Doing a biweekly column means you often end up writing about something that hasn’t actually happened yet. My May 19 column, for example, about the Minnesota Legislature’s passage of the constitutional amendment banning same-sex marriage, was written prior to the House vote.
As both issues approached (the magazine and the vote), I found myself harboring at least a small glimmer of hope that perhaps House Republicans, upon seeing the public’s growing frustration over their inability to pass a budget (AKA their job), would let the amendment die from neglect in favor of a last-minute budget deal. You probably won’t be shocked to learn that I also believed in Santa Claus until I was 13 years old.
Instead, just two days before the end of this year’s paralytic legislative session, with nothing substantial to show for their five months of taxpayer-funded employment, Minnesota’s elected representatives somehow found enough time to write discrimination against gays and lesbians into the state’s founding document.
Incidentally, that also makes us the first group of Minnesotans to have their second-class status specifically written into the constitution. Unless, of course, you include “aliens,” who lost their right to vote in Minnesota in 1896. A joke about gay Martians is in there somewhere.
So it begins. Minnesota joins the ranks of 33 other states since 1998 that have waged costly, contentious, completely arbitrary battles over the status of same-sex relationships. Groups on both sides of the issue are already forming and fundraising.
Between now and November 2012, prepare to be asked to sign countless petitions, Like umpteen Facebook pages, and view untold patience-trying YouTube videos. The culture war continues.
Perhaps one of the most frustrating aspects of this whole ridiculous mess is that our community is about to be asked to blow hundreds of thousands, if not millions, of dollars to stave off a terror that does little more than perpetuate the status quo. As we know, gay marriage is already illegal in Minnesota.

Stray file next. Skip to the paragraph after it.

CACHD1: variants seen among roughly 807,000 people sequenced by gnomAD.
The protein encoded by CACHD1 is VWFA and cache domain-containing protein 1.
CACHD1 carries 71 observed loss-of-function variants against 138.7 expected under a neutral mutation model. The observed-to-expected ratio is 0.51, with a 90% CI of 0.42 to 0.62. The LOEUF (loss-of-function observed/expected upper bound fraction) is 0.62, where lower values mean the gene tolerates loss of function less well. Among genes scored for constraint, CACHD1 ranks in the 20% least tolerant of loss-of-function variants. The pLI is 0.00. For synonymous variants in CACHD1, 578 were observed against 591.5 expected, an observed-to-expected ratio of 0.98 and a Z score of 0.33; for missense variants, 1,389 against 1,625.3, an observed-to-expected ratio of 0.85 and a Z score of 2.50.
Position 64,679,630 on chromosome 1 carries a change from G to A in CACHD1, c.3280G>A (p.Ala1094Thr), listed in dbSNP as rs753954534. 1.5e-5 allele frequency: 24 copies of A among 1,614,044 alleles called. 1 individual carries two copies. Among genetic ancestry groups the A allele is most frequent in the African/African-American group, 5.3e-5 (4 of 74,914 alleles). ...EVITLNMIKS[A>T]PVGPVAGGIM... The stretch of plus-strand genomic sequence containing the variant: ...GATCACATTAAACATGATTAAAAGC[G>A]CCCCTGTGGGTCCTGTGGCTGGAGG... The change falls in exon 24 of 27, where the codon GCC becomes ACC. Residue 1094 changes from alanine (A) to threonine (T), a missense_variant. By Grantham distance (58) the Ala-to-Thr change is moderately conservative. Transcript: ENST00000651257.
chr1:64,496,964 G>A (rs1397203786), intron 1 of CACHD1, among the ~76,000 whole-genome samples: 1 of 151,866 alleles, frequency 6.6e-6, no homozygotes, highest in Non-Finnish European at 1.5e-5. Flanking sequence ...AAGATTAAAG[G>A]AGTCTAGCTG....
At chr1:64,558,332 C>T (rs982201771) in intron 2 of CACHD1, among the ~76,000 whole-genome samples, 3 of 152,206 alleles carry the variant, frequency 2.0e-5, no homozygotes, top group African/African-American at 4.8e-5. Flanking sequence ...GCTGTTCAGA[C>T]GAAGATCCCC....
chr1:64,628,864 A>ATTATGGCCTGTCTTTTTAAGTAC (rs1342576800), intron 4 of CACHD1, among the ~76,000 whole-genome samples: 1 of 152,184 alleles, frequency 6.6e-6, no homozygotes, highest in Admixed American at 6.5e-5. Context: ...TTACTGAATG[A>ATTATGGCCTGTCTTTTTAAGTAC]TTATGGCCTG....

So, even if we win, we’re still second-class citizens. It’s like spending $500 to put new tires on a car with no engine. You’re out $500, and you still can’t drive the damn thing. Adding insult to injury, thanks to some new research, we now know that even if you spend the $500, you’re probably not getting the tires.
According to a 2010 study by Dr. Patrick J. Egan of New York University, campaigns for same-sex ballot measures tend to have little or no effect on the final vote, regardless of the money spent.
“Did campaigns on same-sex marriage—which in some cases have involved millions of dollars of spending by either side—have an effect on voters’ positions on these ballot measures? A statistical analysis finds that vote intention tended to not change in one direction or another to a statistically significant degree over the course of the campaigns—both across and within states. Rather, voter sentiment tended to hold steady from beginning to end.” (Egan, 2010)
Egan also found that polls “consistently underestimate voter opposition to legal recognition of same-sex couples”—to the tune of about 7 percentage points on average. With that in mind, recent polls showing a slight majority of Minnesotans opposed to a ban don’t seem nearly as encouraging.
Great. Where does that leave us? The referendum is coming, the outlook isn’t good, and no amount of money or clever campaigning appears likely to change the outcome. No Santa Claus, remember?
This is one more blinding example of why civil rights should never be put to a popularity contest.
A part of me thinks we should take the money we’d spend on an antiban campaign, and invest it in our community. Boycott the ban. Don’t let hate-filled bigots and political opportunists scare us into spending our last few dollars, when it’s not likely to change the outcome anyway.
The only problem is, we’re Minnesotans. We believe in the impossible. We thrive despite our challenges. In the depth of a Minnesota winter, we know that, no matter how cold it gets, no matter how much snow falls on us, the sun will shine again. We know that no price is too great to stand up for what is right, despite the odds, despite the hardship.
There may not be a Santa Claus, but I still get gifts every Christmas.